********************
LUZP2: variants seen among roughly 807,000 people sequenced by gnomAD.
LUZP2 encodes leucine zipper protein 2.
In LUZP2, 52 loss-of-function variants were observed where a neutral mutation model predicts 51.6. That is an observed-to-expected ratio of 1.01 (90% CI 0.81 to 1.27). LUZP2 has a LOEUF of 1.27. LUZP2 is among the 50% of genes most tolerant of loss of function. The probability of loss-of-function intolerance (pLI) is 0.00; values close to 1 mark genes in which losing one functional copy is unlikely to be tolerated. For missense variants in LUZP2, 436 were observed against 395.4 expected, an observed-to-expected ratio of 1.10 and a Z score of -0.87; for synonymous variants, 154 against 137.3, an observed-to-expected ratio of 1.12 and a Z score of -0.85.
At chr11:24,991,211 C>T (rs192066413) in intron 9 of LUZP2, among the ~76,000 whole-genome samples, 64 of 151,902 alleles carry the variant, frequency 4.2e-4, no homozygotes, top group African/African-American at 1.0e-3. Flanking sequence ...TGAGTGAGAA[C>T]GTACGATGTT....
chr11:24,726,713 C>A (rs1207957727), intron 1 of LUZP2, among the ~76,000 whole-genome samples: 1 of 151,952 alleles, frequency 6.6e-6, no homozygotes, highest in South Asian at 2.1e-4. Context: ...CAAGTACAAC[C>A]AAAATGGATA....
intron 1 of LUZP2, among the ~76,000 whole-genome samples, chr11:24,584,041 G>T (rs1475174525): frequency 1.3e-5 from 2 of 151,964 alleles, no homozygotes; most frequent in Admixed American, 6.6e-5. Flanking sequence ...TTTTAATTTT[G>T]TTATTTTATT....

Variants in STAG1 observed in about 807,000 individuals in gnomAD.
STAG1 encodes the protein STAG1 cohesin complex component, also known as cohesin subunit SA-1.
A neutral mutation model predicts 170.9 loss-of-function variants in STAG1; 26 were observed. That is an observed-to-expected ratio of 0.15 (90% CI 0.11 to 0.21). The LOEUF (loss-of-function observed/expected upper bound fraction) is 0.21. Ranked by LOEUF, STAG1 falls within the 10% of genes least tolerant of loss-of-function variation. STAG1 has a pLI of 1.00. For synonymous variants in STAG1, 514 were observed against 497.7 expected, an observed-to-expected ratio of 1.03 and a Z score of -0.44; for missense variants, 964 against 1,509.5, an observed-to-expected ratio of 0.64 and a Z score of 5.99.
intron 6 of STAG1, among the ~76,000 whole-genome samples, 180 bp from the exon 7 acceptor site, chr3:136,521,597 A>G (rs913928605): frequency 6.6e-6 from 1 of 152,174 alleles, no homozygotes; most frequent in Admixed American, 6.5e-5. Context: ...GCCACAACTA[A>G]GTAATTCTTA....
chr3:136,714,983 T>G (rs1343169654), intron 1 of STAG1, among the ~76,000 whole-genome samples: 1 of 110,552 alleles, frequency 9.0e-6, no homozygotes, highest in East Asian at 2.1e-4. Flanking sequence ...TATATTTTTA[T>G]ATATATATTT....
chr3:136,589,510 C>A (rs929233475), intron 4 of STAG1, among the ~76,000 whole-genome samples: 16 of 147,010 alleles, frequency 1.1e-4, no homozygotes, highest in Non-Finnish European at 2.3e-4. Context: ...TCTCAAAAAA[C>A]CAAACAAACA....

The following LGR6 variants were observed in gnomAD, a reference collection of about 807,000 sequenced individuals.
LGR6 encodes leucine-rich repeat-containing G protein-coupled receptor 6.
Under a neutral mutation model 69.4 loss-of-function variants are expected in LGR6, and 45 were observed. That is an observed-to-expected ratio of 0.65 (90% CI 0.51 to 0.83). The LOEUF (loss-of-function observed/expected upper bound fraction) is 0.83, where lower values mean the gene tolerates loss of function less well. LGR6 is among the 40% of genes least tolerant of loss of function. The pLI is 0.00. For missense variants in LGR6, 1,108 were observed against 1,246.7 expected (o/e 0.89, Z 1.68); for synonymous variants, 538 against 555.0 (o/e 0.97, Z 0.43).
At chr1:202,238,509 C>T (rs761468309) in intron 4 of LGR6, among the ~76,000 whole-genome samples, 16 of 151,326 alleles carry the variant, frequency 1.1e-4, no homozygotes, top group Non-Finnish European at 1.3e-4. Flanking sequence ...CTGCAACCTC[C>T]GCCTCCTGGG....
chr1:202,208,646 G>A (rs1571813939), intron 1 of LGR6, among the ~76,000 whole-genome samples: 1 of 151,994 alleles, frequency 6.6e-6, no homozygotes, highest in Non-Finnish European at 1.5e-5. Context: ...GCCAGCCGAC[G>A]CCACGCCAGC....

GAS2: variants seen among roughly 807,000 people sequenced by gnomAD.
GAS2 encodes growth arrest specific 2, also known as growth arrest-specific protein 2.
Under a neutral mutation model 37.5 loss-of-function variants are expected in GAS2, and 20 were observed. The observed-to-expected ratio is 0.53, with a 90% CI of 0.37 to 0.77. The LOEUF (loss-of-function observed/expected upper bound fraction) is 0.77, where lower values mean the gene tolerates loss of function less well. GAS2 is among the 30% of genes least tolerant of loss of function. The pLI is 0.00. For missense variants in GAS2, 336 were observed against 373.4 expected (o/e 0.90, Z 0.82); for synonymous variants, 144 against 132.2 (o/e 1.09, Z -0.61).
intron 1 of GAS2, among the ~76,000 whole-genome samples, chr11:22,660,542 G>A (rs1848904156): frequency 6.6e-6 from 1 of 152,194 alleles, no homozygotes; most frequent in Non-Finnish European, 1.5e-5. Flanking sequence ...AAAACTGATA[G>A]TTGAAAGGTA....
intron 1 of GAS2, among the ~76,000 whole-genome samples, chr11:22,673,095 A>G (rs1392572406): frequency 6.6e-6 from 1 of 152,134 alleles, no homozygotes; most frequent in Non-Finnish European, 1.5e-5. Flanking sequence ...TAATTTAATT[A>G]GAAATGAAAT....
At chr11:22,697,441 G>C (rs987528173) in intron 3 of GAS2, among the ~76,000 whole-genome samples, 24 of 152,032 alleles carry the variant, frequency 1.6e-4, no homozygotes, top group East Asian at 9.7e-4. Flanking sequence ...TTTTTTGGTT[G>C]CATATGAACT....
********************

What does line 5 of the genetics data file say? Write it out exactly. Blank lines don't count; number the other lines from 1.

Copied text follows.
chr11:24,726,713 C>A (rs1207957727), intron 1 of LUZP2, among the ~76,000 whole-genome samples: 1 of 151,952 alleles, frequency 6.6e-6, no homozygotes, highest in South Asian at 2.1e-4. Context: ...CAAGTACAAC[C>A]AAAATGGATA....